by George Wolf
“You can’t just show up for the after party for a shiva, and like, reap the benefits of the buffet.”
Twentysomething Danielle (Rachel Sennott – irresistible) is definitely guilty of skipping the actual funeral (she doesn’t even know who died!), but if there are benefits to the after party, she isn’t reaping them. It’s awkward enough that her former flame Maya (Molly Gordon) is there, but that’s hardly the worst of it.
To her horror, Danielle sees that Max (Danny Deferarri) is there, too. Max is Danielle’s sugar daddy, and look, he brought his beautiful wife (Dianna Agron) and their cute baby daughter!
With Shiva Baby, Emma Seligman expands her 2018 short film for a feature debut full of observational comedy, mounting anxiety and a strangely appealing sexiness. Imagine the Coen Brothers rebooting Uncut Gems as a coming-of-age sex comedy, and you get an idea of the tonal tightrope Seligman is able to command.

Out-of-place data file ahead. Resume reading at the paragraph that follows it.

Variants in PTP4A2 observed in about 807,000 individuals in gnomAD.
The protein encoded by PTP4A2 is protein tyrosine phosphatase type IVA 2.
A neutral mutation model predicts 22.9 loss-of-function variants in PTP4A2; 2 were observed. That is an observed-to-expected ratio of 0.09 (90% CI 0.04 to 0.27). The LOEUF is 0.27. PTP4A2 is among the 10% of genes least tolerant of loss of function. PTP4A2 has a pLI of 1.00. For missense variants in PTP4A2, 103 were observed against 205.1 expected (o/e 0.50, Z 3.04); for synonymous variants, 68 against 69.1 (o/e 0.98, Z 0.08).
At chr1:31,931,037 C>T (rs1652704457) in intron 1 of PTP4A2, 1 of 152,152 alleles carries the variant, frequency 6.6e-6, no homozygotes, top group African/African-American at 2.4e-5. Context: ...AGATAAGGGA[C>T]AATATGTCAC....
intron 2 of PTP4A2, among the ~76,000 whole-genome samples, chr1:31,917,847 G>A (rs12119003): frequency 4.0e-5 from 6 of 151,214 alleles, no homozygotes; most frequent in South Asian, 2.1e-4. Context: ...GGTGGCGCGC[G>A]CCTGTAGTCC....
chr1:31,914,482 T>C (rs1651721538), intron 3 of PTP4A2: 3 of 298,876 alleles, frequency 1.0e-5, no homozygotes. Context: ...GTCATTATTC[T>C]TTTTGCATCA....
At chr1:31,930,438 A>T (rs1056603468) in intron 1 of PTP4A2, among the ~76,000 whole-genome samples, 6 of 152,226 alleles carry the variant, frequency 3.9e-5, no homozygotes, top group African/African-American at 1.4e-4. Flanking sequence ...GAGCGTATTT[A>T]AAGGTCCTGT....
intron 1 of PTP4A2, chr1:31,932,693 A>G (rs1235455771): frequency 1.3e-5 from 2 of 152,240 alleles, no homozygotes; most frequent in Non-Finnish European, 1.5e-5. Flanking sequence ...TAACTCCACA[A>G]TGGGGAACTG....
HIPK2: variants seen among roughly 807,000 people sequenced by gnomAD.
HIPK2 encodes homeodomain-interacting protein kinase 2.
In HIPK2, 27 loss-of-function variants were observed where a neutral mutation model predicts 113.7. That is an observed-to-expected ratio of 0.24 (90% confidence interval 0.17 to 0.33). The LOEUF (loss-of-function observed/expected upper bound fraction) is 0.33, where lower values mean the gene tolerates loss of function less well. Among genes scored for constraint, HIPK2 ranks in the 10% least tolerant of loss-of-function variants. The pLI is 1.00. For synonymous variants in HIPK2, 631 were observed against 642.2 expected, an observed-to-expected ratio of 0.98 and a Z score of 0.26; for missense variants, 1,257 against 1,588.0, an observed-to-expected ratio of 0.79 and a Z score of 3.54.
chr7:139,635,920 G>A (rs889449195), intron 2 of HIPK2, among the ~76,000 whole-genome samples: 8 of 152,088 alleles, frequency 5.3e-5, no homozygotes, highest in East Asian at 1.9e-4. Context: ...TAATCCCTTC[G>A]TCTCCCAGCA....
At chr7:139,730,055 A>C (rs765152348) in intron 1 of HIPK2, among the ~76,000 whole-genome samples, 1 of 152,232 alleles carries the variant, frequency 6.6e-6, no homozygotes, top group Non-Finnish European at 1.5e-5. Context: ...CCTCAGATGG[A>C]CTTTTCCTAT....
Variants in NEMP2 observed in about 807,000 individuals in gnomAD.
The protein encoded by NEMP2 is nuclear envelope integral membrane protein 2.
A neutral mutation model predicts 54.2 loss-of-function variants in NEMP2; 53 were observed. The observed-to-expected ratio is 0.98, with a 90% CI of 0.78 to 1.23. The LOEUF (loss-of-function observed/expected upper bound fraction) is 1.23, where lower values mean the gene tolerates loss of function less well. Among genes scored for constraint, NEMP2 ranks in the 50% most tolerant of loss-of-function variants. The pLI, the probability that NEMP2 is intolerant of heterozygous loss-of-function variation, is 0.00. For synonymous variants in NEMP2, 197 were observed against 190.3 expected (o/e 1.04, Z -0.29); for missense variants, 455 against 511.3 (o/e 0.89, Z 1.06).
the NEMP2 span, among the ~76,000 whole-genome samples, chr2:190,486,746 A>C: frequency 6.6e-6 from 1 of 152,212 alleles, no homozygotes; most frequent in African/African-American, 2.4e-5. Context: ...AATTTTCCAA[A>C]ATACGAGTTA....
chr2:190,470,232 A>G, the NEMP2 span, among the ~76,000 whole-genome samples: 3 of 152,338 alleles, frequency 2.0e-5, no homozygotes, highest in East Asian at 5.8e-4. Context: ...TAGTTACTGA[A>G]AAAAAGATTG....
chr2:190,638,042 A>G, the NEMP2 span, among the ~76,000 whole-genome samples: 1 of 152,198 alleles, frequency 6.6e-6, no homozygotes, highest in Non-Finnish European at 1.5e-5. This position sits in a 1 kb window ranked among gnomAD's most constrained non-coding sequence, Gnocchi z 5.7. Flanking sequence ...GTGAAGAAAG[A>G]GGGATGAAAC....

The film’s opening finds Danielle confident and alluring. By the end of the day, she’s an unkempt, sweaty mess of beverages, blood and embarrassment. Almost all of Danielle’s arc takes place inside the home of the bereaved, and Seligman makes sure that is a hilariously uncomfortable place to be.
Danielle’s parents (the ever-reliable Fred Melamed and a scene-stealing Polly Draper) pressure her to work the room for job contacts, family friends inquire about her post-college plans, Molly wonders why Danielle ghosted her, and Max’s wife is getting suspicious.
And through it all, Seligman’s camera draws in closer and closer, making Danielle’s darkly comic claustrophobia almost palpable.
Clearly, much of Seligman’s sharp dialog comes from personal experience, and if it’s one you share this is a film that will feel like part of the family. But you didn’t have to be Greek to get caught up in that Big Fat Wedding, and you don’t have to be Jewish to see the joy in Shiva Baby.
Seligman flashes an insight that disarms you with sex and humor, keeping its hand at a subtle distance. But by the time we’re leaving that buffet, a breakout filmmaker and star have delivered a fresh, funny and intimate take on the indignities of finding yourself.